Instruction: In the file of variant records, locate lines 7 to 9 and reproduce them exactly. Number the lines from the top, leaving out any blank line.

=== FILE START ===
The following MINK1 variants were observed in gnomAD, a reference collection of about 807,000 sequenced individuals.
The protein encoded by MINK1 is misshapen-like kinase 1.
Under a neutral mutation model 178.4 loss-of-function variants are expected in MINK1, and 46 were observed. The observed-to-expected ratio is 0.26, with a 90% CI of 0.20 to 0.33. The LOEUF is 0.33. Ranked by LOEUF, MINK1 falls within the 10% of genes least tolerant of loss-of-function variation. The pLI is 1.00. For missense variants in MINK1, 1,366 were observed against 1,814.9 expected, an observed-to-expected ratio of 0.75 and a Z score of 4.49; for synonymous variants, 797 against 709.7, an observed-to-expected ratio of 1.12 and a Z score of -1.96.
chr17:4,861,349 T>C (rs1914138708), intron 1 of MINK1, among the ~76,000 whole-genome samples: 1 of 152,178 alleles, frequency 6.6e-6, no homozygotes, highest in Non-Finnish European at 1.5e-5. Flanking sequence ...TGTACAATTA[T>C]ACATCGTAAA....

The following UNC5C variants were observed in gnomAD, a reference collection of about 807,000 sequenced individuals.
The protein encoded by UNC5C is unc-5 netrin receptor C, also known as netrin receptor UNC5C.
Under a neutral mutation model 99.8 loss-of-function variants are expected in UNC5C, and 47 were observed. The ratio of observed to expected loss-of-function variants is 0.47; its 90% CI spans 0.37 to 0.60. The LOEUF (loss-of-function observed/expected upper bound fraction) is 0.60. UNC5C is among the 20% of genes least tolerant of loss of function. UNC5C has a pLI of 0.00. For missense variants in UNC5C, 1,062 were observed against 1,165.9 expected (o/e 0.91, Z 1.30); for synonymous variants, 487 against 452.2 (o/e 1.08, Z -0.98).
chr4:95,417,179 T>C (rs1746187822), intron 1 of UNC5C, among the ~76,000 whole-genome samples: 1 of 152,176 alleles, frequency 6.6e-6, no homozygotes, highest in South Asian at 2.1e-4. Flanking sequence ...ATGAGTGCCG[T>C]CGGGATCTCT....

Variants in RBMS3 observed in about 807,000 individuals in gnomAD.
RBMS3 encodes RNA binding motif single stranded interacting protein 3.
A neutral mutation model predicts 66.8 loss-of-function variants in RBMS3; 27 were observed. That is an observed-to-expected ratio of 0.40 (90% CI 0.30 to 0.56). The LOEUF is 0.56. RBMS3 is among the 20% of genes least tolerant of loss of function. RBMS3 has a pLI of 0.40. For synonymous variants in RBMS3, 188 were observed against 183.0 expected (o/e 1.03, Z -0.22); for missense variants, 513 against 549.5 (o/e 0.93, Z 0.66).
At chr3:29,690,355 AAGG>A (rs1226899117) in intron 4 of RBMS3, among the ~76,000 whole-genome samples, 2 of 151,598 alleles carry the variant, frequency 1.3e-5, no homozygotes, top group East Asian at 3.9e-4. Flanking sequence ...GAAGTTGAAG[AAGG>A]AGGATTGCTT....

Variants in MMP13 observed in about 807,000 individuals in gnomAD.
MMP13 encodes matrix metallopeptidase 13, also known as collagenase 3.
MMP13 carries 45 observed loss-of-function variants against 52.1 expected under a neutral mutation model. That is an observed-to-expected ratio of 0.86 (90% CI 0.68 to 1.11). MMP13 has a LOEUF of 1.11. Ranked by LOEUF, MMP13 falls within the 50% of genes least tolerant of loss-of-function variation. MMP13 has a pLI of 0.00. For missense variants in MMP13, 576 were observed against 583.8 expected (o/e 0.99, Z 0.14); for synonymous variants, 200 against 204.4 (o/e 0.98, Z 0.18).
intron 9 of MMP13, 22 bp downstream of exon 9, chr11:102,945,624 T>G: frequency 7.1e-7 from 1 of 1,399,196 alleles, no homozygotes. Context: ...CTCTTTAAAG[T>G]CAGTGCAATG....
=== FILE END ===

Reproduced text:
Under a neutral mutation model 99.8 loss-of-function variants are expected in UNC5C, and 47 were observed. The ratio of observed to expected loss-of-function variants is 0.47; its 90% CI spans 0.37 to 0.60. The LOEUF (loss-of-function observed/expected upper bound fraction) is 0.60. UNC5C is among the 20% of genes least tolerant of loss of function. UNC5C has a pLI of 0.00. For missense variants in UNC5C, 1,062 were observed against 1,165.9 expected (o/e 0.91, Z 1.30); for synonymous variants, 487 against 452.2 (o/e 1.08, Z -0.98).
chr4:95,417,179 T>C (rs1746187822), intron 1 of UNC5C, among the ~76,000 whole-genome samples: 1 of 152,176 alleles, frequency 6.6e-6, no homozygotes, highest in South Asian at 2.1e-4. Flanking sequence ...ATGAGTGCCG[T>C]CGGGATCTCT....

Variants in RBMS3 observed in about 807,000 individuals in gnomAD.